James Senjura works closely with the Maasai pastoralist community of Laikipia, Kenya, to improve maternal and child health. He is a Project Officer for Mothers’ Union, Anglican Overseas Aid’s partner in The Road Less Travelled project, and also a father and positive role model for other men in his community. The project works with the community to identify key development challenges, and helps to develop locally-appropriate solutions to deliver basic health care and education where access to formal services is limited. James answers some questions about traditions and gender norms relating to maternal and child health within his culture.
In the Maasai community of Laikipia, how would you describe the traditional role of men in maternal and child health?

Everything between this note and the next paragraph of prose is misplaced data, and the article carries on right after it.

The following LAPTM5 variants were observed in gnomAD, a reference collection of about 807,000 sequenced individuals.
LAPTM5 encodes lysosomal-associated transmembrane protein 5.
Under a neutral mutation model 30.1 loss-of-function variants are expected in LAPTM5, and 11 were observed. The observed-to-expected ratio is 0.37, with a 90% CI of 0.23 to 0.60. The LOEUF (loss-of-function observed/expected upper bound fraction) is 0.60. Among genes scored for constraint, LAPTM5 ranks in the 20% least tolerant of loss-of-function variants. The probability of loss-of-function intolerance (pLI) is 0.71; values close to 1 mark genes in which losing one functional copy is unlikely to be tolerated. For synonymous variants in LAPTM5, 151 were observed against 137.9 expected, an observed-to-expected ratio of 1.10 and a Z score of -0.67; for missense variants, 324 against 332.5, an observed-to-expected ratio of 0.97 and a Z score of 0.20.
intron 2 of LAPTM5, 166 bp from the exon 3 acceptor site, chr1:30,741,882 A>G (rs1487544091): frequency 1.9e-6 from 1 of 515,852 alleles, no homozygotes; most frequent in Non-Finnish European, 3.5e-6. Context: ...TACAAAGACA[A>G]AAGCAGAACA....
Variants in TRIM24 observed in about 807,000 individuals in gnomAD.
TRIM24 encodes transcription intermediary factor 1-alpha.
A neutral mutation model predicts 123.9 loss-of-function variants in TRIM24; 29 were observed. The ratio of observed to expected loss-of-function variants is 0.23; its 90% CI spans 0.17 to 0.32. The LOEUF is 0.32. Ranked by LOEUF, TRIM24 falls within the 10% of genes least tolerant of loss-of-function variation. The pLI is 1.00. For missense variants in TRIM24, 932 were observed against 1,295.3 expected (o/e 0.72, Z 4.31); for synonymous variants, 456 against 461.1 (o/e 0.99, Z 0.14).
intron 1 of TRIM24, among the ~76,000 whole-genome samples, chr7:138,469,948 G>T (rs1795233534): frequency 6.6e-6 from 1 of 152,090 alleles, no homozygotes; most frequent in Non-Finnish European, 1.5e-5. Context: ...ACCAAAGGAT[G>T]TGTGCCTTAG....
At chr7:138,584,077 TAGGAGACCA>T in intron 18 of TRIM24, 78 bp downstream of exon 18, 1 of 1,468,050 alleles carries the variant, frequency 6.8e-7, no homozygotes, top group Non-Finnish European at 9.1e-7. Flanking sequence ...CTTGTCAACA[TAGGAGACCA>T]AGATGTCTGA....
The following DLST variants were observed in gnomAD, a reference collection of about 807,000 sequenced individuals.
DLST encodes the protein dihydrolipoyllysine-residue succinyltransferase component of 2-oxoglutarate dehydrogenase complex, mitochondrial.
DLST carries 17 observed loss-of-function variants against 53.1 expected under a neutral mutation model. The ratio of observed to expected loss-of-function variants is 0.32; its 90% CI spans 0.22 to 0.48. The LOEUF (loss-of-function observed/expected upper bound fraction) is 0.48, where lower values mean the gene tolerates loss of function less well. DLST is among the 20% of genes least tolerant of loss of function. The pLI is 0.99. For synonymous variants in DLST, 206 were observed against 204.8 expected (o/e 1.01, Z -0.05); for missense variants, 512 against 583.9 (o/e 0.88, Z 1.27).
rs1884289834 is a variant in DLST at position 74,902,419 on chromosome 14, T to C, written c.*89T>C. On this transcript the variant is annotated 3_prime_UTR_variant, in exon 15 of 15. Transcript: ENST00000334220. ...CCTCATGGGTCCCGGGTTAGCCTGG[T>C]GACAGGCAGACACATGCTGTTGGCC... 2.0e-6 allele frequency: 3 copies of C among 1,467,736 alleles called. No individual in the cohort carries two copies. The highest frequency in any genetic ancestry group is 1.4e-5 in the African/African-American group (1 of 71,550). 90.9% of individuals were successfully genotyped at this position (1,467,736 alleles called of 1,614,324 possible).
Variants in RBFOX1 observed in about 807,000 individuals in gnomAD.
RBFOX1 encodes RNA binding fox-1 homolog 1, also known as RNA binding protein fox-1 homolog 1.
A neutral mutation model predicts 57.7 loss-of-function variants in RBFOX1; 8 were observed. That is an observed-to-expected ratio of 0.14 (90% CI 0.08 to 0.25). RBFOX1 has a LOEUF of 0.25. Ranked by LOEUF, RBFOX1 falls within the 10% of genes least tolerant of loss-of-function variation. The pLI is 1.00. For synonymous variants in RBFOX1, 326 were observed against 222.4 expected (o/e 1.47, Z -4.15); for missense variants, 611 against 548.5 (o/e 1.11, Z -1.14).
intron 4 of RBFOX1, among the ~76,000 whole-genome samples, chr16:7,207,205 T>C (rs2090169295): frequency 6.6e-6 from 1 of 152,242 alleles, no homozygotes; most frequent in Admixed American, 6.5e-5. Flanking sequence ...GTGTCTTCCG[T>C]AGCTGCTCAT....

Traditionally, men’s role in maternal and child care has been passive. Maternal and child health care was in the hands of traditional birth attendants and old women.
Mostly men provide financial support and organise for transportation, and sometimes in consultation with the traditional birth attendant they decide for further action in case of complications or disease occurring. The father would advise on the estimated date of delivery, so that the woman would be prepared.
It was also the role of man to source food (slaughter animals, draw blood) for the mother during and after pregnancy. When a woman was in the last trimester, the man would ready some rams for slaughter after delivery.